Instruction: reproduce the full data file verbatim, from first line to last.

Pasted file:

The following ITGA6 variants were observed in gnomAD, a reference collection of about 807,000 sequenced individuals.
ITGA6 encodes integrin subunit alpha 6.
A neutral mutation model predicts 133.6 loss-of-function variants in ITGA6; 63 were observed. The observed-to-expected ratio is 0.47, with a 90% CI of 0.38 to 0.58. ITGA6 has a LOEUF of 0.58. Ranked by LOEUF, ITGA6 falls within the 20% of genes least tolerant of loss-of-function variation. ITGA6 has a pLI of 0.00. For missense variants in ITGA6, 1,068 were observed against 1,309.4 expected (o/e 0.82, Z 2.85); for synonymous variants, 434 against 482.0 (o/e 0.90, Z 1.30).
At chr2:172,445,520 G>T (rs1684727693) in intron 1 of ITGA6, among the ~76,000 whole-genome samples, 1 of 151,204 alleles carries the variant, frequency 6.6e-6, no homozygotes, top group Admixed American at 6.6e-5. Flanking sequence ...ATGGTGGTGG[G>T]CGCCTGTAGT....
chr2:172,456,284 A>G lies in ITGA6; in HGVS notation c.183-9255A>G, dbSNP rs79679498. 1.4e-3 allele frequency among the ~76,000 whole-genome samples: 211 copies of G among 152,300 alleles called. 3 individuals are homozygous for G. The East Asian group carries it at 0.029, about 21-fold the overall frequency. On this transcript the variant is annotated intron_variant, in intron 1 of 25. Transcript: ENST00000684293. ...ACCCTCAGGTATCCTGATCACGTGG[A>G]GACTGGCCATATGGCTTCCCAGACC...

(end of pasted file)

The following ITGA6 variants were observed in gnomAD, a reference collection of about 807,000 sequenced individuals.
ITGA6 encodes integrin subunit alpha 6.
A neutral mutation model predicts 133.6 loss-of-function variants in ITGA6; 63 were observed. The observed-to-expected ratio is 0.47, with a 90% CI of 0.38 to 0.58. ITGA6 has a LOEUF of 0.58. Ranked by LOEUF, ITGA6 falls within the 20% of genes least tolerant of loss-of-function variation. ITGA6 has a pLI of 0.00. For missense variants in ITGA6, 1,068 were observed against 1,309.4 expected (o/e 0.82, Z 2.85); for synonymous variants, 434 against 482.0 (o/e 0.90, Z 1.30).
At chr2:172,445,520 G>T (rs1684727693) in intron 1 of ITGA6, among the ~76,000 whole-genome samples, 1 of 151,204 alleles carries the variant, frequency 6.6e-6, no homozygotes, top group Admixed American at 6.6e-5. Flanking sequence ...ATGGTGGTGG[G>T]CGCCTGTAGT....
chr2:172,456,284 A>G lies in ITGA6; in HGVS notation c.183-9255A>G, dbSNP rs79679498. 1.4e-3 allele frequency among the ~76,000 whole-genome samples: 211 copies of G among 152,300 alleles called. 3 individuals are homozygous for G. The East Asian group carries it at 0.029, about 21-fold the overall frequency. On this transcript the variant is annotated intron_variant, in intron 1 of 25. Transcript: ENST00000684293. ...ACCCTCAGGTATCCTGATCACGTGG[A>G]GACTGGCCATATGGCTTCCCAGACC...